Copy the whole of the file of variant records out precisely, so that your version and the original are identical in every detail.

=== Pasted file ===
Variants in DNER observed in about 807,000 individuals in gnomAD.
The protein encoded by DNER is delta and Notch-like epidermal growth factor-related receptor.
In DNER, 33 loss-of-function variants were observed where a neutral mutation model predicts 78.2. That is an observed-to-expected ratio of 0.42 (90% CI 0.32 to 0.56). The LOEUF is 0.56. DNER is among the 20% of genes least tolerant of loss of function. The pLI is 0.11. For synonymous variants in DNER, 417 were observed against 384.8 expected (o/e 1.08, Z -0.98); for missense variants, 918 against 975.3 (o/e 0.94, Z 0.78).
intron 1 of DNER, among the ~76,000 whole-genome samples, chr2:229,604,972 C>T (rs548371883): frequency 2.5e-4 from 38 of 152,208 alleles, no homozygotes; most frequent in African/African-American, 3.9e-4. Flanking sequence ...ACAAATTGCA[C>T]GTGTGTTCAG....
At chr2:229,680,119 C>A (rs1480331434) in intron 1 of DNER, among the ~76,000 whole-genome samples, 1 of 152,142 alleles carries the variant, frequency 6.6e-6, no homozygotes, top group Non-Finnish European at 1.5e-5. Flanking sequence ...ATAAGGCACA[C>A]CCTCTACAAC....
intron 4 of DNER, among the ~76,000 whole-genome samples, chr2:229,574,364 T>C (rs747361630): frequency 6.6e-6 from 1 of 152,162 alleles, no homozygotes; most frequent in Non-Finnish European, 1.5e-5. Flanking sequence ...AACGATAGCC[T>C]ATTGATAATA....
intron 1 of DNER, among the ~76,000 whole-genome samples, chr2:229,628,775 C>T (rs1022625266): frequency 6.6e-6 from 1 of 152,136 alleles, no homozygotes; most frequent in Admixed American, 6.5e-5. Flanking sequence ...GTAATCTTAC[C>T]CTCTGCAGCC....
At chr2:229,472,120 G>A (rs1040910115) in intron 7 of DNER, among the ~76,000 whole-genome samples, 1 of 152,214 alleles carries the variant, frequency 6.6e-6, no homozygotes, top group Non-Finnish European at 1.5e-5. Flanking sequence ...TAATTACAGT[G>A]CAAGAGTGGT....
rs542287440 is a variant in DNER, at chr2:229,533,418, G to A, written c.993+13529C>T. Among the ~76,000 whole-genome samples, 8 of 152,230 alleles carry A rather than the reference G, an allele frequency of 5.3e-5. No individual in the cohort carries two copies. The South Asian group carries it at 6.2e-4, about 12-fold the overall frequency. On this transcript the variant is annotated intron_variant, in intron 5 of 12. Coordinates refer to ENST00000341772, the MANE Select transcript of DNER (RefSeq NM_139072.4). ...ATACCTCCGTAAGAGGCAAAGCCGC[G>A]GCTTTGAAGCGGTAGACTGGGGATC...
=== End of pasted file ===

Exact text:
Variants in DNER observed in about 807,000 individuals in gnomAD.
The protein encoded by DNER is delta and Notch-like epidermal growth factor-related receptor.
In DNER, 33 loss-of-function variants were observed where a neutral mutation model predicts 78.2. That is an observed-to-expected ratio of 0.42 (90% CI 0.32 to 0.56). The LOEUF is 0.56. DNER is among the 20% of genes least tolerant of loss of function. The pLI is 0.11. For synonymous variants in DNER, 417 were observed against 384.8 expected (o/e 1.08, Z -0.98); for missense variants, 918 against 975.3 (o/e 0.94, Z 0.78).
intron 1 of DNER, among the ~76,000 whole-genome samples, chr2:229,604,972 C>T (rs548371883): frequency 2.5e-4 from 38 of 152,208 alleles, no homozygotes; most frequent in African/African-American, 3.9e-4. Flanking sequence ...ACAAATTGCA[C>T]GTGTGTTCAG....
At chr2:229,680,119 C>A (rs1480331434) in intron 1 of DNER, among the ~76,000 whole-genome samples, 1 of 152,142 alleles carries the variant, frequency 6.6e-6, no homozygotes, top group Non-Finnish European at 1.5e-5. Flanking sequence ...ATAAGGCACA[C>A]CCTCTACAAC....
intron 4 of DNER, among the ~76,000 whole-genome samples, chr2:229,574,364 T>C (rs747361630): frequency 6.6e-6 from 1 of 152,162 alleles, no homozygotes; most frequent in Non-Finnish European, 1.5e-5. Flanking sequence ...AACGATAGCC[T>C]ATTGATAATA....
intron 1 of DNER, among the ~76,000 whole-genome samples, chr2:229,628,775 C>T (rs1022625266): frequency 6.6e-6 from 1 of 152,136 alleles, no homozygotes; most frequent in Admixed American, 6.5e-5. Flanking sequence ...GTAATCTTAC[C>T]CTCTGCAGCC....
At chr2:229,472,120 G>A (rs1040910115) in intron 7 of DNER, among the ~76,000 whole-genome samples, 1 of 152,214 alleles carries the variant, frequency 6.6e-6, no homozygotes, top group Non-Finnish European at 1.5e-5. Flanking sequence ...TAATTACAGT[G>A]CAAGAGTGGT....
rs542287440 is a variant in DNER, at chr2:229,533,418, G to A, written c.993+13529C>T. Among the ~76,000 whole-genome samples, 8 of 152,230 alleles carry A rather than the reference G, an allele frequency of 5.3e-5. No individual in the cohort carries two copies. The South Asian group carries it at 6.2e-4, about 12-fold the overall frequency. On this transcript the variant is annotated intron_variant, in intron 5 of 12. Coordinates refer to ENST00000341772, the MANE Select transcript of DNER (RefSeq NM_139072.4). ...ATACCTCCGTAAGAGGCAAAGCCGC[G>A]GCTTTGAAGCGGTAGACTGGGGATC...